A note on drag-and-drop usability:
The most surprising result that CA discovered was that drag-and-drop is not as intuitive as we all think it is. Of course, this may be fine when it comes to IT developers and those that are used to IT in general, but it turns out that many users are not as happy with the idea of dragging windows around a desktop as we all thought.
I tried to find the source, but CA wasn’t very yeilding.
[A]ll this discussion of productivity, competitiveness and outsourcing will increasingly drive U.S. companies to recognize that to be competitive in the world, they will have to invest in IT infrastructure. Those two things will probably pivot IT spending up in the enterprise space.
. . .
Taiwan, with a population of 25 million, makes 50 percent of computer peripherals. Let’s imagine a country like China with two and a half billion people coming into the system. Would it be an impact 100 times as big? Even if it’s only 10 times as big, it’s cataclysmic.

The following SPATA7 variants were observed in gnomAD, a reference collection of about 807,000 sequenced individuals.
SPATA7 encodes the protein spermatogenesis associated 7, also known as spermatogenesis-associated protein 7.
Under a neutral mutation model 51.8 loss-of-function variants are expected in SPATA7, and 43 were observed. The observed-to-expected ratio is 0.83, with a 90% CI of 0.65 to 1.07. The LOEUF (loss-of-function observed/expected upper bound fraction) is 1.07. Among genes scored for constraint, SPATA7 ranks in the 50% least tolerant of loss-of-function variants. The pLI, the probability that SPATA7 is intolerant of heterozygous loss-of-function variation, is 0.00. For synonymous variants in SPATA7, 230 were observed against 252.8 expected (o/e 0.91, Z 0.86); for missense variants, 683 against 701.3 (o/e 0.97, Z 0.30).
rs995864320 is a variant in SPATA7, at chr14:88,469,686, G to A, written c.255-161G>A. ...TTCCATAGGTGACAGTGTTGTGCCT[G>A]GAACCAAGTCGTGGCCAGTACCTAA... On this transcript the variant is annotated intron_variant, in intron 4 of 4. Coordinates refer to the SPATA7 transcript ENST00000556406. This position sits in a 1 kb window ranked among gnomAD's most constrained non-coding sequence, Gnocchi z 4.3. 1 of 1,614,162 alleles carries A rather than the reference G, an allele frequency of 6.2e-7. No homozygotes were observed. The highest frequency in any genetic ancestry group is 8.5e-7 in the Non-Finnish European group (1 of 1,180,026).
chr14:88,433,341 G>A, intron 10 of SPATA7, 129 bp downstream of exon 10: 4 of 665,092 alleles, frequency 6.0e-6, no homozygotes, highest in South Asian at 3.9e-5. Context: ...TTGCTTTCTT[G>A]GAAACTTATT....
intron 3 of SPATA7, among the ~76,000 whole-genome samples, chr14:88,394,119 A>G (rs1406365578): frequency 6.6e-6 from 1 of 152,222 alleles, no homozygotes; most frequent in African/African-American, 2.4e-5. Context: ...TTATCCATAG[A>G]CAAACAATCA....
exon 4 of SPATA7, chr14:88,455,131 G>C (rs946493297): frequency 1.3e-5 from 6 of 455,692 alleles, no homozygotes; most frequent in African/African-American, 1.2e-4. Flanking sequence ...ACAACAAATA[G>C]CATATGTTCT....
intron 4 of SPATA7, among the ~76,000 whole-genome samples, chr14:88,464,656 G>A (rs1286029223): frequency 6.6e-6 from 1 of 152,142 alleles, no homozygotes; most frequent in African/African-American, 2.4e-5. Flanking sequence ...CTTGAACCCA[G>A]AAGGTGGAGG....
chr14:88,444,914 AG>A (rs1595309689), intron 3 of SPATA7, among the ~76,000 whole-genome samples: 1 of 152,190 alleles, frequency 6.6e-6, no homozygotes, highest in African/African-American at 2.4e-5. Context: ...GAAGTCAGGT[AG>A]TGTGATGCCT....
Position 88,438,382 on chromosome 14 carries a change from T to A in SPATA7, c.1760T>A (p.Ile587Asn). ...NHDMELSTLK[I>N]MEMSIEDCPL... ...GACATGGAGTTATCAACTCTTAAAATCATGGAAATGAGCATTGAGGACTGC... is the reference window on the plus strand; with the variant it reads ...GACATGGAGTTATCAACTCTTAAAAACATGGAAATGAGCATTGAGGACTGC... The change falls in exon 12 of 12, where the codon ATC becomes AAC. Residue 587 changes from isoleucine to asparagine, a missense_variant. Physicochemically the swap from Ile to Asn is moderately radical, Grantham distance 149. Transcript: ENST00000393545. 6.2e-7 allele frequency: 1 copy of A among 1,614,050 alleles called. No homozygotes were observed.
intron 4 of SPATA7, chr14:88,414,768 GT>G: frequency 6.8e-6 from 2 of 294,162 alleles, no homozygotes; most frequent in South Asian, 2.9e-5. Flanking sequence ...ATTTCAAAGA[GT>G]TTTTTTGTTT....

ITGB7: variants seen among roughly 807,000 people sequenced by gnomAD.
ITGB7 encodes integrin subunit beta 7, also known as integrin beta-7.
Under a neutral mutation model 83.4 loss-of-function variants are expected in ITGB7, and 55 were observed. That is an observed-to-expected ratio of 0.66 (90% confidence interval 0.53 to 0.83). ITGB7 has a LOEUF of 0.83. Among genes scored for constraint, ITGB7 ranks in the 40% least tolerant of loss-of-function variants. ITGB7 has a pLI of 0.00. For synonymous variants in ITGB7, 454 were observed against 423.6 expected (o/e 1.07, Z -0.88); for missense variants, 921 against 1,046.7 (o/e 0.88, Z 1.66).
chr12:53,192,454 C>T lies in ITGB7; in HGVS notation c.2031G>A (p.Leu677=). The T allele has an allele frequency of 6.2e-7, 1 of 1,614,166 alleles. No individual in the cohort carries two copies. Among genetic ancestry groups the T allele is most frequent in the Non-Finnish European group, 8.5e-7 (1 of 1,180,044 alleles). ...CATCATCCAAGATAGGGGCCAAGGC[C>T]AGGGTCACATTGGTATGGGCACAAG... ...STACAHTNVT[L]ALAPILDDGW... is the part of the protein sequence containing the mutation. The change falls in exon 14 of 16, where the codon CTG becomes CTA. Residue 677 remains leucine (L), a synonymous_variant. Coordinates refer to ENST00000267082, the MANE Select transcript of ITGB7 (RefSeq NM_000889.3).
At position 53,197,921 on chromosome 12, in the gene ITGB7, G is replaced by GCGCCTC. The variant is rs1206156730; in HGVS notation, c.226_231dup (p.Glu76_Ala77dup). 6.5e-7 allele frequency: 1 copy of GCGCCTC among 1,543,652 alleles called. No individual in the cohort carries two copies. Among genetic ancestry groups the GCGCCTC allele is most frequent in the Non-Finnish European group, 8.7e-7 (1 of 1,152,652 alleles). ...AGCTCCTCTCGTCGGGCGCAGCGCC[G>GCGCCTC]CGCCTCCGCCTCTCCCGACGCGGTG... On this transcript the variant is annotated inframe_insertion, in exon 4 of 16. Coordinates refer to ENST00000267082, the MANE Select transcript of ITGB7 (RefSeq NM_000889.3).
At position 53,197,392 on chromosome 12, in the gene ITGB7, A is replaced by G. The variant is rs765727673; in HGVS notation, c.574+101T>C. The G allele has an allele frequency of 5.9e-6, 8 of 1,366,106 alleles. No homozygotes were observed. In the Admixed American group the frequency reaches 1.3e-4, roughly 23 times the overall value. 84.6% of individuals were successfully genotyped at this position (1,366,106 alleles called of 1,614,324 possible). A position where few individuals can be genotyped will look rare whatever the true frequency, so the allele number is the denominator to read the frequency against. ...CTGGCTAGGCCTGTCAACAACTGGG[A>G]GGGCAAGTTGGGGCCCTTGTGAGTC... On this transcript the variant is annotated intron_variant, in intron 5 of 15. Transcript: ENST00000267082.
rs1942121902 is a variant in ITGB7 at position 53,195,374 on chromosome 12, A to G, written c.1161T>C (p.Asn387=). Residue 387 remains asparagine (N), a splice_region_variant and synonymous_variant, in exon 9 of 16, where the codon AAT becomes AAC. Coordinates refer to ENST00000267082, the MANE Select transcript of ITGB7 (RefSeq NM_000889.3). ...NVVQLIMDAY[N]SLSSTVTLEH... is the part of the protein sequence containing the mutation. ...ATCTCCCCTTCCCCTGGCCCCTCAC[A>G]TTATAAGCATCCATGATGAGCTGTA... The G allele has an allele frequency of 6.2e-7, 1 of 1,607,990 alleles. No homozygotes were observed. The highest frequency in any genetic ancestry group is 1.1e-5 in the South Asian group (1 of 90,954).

Classical economists will tell you it’s wonderful; a rising tide lifts all boats: If they get the jobs, the standard of living and consumption power goes up and then we’ll sell to them. But the devil is in the details. If they take all the jobs before they start buying things, is that a challenge? The one clear thing is you have to move your contribution to a higher level on a continuing basis.
There’s an interesting tangent on Barrett talking to/with the Whithouse: you don’t usually see anything about politics in the tech rags.